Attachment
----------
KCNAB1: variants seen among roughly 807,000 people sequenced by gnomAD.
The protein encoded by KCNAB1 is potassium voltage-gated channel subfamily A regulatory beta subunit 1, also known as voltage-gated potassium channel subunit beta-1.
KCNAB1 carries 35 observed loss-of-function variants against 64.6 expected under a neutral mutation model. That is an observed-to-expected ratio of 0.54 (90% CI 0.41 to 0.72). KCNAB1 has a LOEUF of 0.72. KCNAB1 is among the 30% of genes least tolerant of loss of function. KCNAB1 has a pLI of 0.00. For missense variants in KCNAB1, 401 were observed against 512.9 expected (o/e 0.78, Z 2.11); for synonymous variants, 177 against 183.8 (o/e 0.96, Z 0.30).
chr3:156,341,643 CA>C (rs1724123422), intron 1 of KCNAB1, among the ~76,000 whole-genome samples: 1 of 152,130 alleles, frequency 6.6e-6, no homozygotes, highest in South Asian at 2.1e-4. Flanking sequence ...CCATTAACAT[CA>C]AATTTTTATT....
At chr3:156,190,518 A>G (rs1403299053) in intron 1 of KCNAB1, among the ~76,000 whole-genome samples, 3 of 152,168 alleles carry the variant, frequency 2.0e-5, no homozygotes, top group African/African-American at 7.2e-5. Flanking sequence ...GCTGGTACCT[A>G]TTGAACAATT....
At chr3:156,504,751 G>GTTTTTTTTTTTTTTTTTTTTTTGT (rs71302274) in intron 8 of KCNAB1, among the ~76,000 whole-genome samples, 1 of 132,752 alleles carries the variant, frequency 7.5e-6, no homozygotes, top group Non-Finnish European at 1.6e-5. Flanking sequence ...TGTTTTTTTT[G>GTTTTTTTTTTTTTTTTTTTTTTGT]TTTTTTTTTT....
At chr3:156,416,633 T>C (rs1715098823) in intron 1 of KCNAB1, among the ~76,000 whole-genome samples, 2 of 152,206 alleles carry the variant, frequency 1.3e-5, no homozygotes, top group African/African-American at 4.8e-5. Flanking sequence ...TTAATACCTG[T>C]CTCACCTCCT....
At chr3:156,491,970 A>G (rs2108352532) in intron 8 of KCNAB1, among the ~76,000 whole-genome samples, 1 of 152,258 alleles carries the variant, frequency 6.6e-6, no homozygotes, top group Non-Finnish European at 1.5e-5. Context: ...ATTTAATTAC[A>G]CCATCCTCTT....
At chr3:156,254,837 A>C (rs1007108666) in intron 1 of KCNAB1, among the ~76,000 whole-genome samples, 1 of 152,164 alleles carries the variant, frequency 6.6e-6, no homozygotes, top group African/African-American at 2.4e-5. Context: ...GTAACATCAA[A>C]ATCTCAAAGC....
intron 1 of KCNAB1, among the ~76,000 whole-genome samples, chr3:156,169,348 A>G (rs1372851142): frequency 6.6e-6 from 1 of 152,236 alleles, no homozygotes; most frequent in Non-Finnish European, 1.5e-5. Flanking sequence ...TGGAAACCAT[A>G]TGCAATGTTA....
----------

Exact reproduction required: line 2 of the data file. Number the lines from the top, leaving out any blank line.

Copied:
The protein encoded by KCNAB1 is potassium voltage-gated channel subfamily A regulatory beta subunit 1, also known as voltage-gated potassium channel subunit beta-1.